Google recently announced it will enforce rules enabling it to take a 30 percent cut from app purchases in its Google Play Store starting next September, a controversial revenue-generating policy that Apple also uses in its App Store. Both tech giants are facing anti-trust lawsuits over the practice. Also this fall, Ukrainian authorities ordered Apple to remove the apps of Russian propaganda outlets from its store, which Russia’s Foreign Ministry called “another manifestation of the Ukrainian authorities’ repressive policy towards the media.” The move follows other actions by the Ukrainian government in recent years to restrict Russian state media outlets’ operations in the country.
These are just a few examples of the often overlooked, and contested, role that app stores play in shaping what information is available online, whether by taking down applications altogether, enforcing in-store policies or restricting which users can access software from a given location.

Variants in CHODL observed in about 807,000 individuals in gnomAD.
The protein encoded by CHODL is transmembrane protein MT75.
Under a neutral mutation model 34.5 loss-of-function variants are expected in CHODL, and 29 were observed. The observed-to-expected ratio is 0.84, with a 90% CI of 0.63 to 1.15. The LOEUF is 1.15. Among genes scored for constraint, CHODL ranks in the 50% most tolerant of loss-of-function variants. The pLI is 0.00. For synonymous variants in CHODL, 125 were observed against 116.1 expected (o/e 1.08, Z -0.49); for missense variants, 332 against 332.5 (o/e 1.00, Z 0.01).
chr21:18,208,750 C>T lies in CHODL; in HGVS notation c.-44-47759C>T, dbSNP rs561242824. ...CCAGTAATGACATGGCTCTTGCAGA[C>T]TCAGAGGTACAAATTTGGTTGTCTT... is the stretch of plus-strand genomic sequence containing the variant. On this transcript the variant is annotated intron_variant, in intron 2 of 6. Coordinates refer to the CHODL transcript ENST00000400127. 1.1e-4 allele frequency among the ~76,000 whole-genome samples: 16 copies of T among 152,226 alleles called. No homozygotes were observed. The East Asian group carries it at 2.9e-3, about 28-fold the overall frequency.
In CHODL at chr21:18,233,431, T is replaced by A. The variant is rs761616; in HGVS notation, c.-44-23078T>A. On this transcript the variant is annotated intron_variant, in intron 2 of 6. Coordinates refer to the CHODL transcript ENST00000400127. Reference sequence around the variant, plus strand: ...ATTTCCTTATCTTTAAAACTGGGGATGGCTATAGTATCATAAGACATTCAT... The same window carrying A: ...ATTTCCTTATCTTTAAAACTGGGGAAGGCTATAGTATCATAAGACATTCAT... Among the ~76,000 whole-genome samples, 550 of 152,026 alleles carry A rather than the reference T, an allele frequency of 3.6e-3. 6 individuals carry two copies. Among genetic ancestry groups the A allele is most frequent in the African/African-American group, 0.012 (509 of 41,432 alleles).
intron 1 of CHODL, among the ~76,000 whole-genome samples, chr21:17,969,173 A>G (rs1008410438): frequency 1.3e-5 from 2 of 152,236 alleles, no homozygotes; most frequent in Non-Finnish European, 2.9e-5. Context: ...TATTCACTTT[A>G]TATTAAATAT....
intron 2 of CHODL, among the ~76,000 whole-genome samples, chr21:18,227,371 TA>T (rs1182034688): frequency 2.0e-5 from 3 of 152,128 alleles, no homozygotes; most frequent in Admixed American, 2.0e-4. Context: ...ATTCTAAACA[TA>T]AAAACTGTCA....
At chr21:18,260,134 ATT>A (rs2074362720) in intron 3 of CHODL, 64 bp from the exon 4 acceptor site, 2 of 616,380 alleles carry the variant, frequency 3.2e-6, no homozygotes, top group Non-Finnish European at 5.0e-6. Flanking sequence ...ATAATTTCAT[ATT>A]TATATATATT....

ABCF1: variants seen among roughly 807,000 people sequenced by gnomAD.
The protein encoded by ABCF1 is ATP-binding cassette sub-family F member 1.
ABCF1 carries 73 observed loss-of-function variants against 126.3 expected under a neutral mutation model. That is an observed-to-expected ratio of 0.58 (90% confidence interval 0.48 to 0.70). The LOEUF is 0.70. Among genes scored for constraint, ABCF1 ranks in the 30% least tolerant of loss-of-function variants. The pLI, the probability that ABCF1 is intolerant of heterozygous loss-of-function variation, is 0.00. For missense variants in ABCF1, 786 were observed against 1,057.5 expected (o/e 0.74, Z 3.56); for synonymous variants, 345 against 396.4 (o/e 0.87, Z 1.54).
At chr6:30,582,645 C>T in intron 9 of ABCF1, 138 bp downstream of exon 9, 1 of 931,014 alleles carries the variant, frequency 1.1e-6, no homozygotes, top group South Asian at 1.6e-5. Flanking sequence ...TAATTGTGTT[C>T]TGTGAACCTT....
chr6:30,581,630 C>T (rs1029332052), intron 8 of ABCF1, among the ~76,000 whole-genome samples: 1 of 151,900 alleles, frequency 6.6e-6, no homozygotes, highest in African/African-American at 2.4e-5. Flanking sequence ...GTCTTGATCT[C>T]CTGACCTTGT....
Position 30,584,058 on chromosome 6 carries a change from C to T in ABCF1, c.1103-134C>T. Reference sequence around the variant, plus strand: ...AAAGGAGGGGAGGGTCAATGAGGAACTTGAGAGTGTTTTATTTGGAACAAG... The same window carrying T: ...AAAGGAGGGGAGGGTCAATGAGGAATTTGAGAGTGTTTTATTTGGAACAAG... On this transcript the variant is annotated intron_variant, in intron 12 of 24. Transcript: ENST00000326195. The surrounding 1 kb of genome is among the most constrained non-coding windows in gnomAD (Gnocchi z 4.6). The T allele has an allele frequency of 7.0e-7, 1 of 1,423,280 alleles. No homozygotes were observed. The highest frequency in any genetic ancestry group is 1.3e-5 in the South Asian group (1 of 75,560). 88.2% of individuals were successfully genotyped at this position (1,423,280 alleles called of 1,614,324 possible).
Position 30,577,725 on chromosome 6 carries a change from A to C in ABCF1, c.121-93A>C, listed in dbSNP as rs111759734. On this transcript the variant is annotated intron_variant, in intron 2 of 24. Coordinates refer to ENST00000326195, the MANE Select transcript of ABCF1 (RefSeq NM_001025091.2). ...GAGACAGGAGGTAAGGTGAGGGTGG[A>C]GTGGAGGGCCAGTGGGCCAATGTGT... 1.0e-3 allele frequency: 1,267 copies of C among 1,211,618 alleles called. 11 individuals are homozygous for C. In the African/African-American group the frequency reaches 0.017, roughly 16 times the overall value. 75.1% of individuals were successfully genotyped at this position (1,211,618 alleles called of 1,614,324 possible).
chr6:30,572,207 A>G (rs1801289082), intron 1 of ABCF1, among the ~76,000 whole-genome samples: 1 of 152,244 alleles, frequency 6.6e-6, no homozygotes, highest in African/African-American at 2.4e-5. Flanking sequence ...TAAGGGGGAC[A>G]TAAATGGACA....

When it comes to the debate over Big Tech and digital policy in the United States, most of the attention is on online platforms like Facebook, Twitter and Google’s search engine, which, among other things, deliver content directly to users through a website. But that kind of public scrutiny is not applied as heavily, or at least as consistently, to online marketplaces for software.